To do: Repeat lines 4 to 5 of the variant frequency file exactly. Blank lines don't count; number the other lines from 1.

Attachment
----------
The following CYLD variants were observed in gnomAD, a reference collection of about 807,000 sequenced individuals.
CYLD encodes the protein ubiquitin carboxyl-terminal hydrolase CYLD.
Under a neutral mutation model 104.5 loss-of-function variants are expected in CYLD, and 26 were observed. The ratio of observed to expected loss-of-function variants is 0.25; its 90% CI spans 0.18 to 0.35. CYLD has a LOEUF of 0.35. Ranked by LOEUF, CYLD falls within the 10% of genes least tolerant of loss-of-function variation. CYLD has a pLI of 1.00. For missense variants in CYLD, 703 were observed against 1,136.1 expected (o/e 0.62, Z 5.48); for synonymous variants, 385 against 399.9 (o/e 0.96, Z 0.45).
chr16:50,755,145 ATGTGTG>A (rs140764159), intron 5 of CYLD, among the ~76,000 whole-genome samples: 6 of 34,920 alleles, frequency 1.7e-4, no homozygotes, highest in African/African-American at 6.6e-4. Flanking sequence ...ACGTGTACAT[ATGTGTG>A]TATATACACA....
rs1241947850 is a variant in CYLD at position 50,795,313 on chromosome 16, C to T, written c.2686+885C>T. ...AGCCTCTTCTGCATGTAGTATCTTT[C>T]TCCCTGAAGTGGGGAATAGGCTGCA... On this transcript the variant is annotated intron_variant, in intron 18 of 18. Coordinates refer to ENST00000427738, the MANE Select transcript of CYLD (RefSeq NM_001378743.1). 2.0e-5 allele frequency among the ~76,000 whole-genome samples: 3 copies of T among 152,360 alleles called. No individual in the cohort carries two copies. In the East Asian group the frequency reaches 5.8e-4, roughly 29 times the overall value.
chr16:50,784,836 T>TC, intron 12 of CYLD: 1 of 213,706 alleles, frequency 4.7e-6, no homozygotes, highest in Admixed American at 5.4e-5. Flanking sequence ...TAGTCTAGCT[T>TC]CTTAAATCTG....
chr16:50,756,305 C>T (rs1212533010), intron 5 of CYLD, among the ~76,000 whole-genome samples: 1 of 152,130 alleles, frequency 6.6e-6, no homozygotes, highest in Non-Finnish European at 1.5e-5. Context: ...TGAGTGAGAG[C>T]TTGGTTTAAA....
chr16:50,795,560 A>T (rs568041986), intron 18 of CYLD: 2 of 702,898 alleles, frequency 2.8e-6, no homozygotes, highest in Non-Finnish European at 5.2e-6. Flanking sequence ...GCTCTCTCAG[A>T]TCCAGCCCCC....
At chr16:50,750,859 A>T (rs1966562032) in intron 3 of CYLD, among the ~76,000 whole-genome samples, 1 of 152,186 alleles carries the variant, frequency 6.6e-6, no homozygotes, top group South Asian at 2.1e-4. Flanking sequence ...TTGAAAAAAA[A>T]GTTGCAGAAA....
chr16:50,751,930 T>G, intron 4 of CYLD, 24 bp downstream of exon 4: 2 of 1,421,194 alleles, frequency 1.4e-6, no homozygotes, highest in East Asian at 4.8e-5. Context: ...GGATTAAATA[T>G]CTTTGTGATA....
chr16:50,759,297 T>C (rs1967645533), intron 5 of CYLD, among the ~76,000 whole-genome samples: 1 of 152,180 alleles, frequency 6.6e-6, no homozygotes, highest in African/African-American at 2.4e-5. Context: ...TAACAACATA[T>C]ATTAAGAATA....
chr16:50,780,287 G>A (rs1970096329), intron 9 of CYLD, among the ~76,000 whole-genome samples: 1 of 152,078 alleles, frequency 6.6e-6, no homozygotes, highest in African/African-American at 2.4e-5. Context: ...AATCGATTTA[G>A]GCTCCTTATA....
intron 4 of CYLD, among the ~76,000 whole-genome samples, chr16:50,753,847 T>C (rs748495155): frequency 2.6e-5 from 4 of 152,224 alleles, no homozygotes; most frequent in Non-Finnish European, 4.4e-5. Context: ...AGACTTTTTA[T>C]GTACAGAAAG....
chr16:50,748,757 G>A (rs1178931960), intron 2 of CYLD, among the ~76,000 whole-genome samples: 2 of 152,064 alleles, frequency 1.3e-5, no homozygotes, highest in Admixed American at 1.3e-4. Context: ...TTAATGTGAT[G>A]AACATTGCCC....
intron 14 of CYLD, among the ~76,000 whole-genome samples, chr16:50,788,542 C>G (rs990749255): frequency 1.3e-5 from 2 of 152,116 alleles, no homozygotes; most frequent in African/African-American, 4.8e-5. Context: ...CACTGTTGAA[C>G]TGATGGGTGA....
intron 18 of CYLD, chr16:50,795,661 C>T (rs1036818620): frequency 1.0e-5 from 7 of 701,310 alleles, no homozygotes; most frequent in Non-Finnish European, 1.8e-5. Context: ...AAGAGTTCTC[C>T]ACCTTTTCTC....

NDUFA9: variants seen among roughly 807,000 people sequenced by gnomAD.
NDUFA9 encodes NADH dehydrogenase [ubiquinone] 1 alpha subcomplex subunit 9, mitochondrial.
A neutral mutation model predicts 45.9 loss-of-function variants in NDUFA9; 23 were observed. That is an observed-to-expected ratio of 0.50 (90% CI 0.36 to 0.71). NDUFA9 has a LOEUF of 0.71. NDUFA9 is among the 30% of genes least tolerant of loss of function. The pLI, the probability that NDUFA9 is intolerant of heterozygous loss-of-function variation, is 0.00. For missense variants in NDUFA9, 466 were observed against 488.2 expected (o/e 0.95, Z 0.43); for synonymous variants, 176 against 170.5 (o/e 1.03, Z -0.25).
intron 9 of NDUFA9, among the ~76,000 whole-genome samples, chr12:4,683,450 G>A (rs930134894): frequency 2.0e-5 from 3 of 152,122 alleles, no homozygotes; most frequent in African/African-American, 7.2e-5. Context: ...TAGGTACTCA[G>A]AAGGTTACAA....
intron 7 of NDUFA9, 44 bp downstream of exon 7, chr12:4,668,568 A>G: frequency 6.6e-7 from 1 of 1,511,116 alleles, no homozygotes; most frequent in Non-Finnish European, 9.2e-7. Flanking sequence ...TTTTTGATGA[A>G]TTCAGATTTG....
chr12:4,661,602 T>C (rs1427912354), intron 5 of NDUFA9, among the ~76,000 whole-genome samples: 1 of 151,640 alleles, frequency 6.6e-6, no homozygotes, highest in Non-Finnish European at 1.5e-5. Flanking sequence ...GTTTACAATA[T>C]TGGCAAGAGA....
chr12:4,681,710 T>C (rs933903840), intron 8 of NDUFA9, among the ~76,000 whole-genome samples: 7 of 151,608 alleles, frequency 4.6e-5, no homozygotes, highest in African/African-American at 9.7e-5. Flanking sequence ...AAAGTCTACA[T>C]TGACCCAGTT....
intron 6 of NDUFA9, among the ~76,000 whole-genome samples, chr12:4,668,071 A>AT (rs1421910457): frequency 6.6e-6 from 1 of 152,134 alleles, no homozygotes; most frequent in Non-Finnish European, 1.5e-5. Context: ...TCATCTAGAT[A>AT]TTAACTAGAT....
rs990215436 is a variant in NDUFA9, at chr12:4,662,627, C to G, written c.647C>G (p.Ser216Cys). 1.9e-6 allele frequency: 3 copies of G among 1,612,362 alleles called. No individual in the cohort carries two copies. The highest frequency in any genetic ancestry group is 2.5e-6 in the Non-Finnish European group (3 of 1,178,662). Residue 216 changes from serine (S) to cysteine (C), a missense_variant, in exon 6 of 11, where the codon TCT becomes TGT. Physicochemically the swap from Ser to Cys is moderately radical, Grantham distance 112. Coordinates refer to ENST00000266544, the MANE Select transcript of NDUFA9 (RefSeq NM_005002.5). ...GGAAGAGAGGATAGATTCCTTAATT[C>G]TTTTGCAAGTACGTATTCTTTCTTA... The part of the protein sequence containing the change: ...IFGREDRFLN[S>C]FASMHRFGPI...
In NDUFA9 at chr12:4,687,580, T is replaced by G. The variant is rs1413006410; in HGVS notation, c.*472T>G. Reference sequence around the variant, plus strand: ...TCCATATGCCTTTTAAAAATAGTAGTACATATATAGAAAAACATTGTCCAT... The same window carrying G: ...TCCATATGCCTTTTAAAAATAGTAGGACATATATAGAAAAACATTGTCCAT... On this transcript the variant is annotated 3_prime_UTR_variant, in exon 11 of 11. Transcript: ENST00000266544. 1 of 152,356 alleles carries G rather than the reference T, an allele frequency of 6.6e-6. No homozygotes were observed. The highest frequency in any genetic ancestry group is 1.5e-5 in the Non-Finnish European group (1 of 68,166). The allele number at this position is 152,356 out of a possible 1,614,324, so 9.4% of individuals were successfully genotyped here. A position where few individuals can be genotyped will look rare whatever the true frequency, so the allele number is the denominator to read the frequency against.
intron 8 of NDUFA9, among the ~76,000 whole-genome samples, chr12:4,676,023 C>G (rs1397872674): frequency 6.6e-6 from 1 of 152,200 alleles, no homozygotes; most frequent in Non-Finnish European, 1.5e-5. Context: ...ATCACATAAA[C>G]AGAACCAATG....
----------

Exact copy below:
chr16:50,755,145 ATGTGTG>A (rs140764159), intron 5 of CYLD, among the ~76,000 whole-genome samples: 6 of 34,920 alleles, frequency 1.7e-4, no homozygotes, highest in African/African-American at 6.6e-4. Flanking sequence ...ACGTGTACAT[ATGTGTG>A]TATATACACA....
rs1241947850 is a variant in CYLD at position 50,795,313 on chromosome 16, C to T, written c.2686+885C>T. ...AGCCTCTTCTGCATGTAGTATCTTT[C>T]TCCCTGAAGTGGGGAATAGGCTGCA... On this transcript the variant is annotated intron_variant, in intron 18 of 18. Coordinates refer to ENST00000427738, the MANE Select transcript of CYLD (RefSeq NM_001378743.1). 2.0e-5 allele frequency among the ~76,000 whole-genome samples: 3 copies of T among 152,360 alleles called. No individual in the cohort carries two copies. In the East Asian group the frequency reaches 5.8e-4, roughly 29 times the overall value.